Chicago is taking its status as one of the Top 10 Greenest Cities in the U.S. very seriously. While other parts of the country are recovering from the havoc wreaked on their poor infrastructures due to floods, hurricanes and collapsing bridges, The Windy City is looking toward the future with plans to develop one of the premier Eco-landmarks of the new millennium.
The proposed project, still in the planning phase, is a two-mile expanse of bridge that will extend in an arch from Adler Planetarium on the south to East Wacker Drive on the north. The bridge will create a breakwater in the Monroe harbor and provide a civic space for recreational activities, including running and biking, as well as additional protected area for boating and water sports.
Interestingly, the plan is a modern, updated version of the original breakwater proposed in the 1909 city plan of Chicago. The current plan features the construction of wind turbines to line the bridge and create and alternate source of power for the city. The actual breakwater itself will be built on a foundation of slag—a permeable byproduct of steel which will provide a habitat for aquatic wildlife in the lake.
Some critics insist that the project is way over the top.With the $1 billion price tag, and the futuristic high-end design, they feel that it is less about the environment, and more about the city’s 2016 bid to host the Olympics.
There’s no doubt that the project would draw attention to Chicago as a highly desirable tourist destination, which doesn’t necessarily work against eco-initiatives. The bridge’s design is a product of the Chicago based, and world-renowned design firm AS+GG. Adrian Smith, the project’s lead designer was also the lead designer of Trump International Hotel & Tower Chicago, and the Burj Dubai which holds the record as the world’s tallest building. The eco-bridge isn’t just a “home improvement” project for Chicago—it’s a world class structure designed to capture the attention of the world.
The bridge project is not an arbitrary concept that is meant to green wash the city. Chicago has already taken the eco-revolution upon itself in the past decade, with such initiatives as the Green Roof Project, the Green Alley Project, and other steps toward eco-friendly municipal practices that are revolutionary to say the least.For example, since 1989, over 500,000 trees have been planted in Chicago; and the building which houses the Center for Green Technology is one of the only municipal buildings in the world to have received a platinum rating for its green design and operation.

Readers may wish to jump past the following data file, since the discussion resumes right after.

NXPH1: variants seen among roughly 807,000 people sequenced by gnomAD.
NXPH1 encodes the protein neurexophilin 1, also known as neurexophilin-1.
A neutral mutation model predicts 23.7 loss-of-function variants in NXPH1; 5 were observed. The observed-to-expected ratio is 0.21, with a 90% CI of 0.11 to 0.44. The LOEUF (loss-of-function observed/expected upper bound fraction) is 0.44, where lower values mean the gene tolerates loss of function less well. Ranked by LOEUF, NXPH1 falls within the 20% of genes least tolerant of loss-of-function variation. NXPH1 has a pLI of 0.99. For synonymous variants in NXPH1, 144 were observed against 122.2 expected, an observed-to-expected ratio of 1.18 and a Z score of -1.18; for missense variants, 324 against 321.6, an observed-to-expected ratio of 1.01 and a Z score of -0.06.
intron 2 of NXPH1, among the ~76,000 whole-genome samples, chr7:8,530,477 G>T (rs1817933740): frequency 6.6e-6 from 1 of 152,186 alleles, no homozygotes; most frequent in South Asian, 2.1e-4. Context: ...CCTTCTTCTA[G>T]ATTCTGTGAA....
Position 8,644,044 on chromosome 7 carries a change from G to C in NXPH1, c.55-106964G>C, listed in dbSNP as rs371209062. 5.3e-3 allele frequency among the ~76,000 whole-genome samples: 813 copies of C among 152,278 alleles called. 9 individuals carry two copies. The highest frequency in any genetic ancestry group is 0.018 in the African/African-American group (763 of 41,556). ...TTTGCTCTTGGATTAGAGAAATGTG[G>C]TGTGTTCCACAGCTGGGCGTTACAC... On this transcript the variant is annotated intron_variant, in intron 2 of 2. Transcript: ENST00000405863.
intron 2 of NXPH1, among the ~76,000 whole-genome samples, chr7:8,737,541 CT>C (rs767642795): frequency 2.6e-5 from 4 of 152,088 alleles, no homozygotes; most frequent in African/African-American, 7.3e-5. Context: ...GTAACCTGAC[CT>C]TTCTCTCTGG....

Mayor Richard Daly and his staff make no secret about their plans to define Chicago as the premier city for eco-conscious living in the U.S. Despite its industrial past, the city’s administration and green organizations are on a massive educational campaign that seems to be having just the desired effect. More and more Chicagoans are jumping in the bandwagon, and the city has seen itself transform in leaps and bounds in just a few short years.
Regardless of how beneficial the bridge project advocates claim it is, there is still the tiny little problem of the necessary funding to get the thing underway. Raising $1 billion dollars for a shiny new bridge during a war and a recession may not be the easiest thing to do, and then there is the issue of meeting with the U.S. Army Corps of Engineers who have a say in shoreline redevelopment. There are some obstacles to overcome, but in a social and political environment when many people in this country are still not convinced that there is a need for environmental initiatives of any kind, Chicago will go down in history as one of the leaders who led our country to change during this period of environmental revolution. That in and of itself should be enough to attract forward thinking investors and supporters. After all, who doesn’t want to go down as having supported the winning team from the very beginning?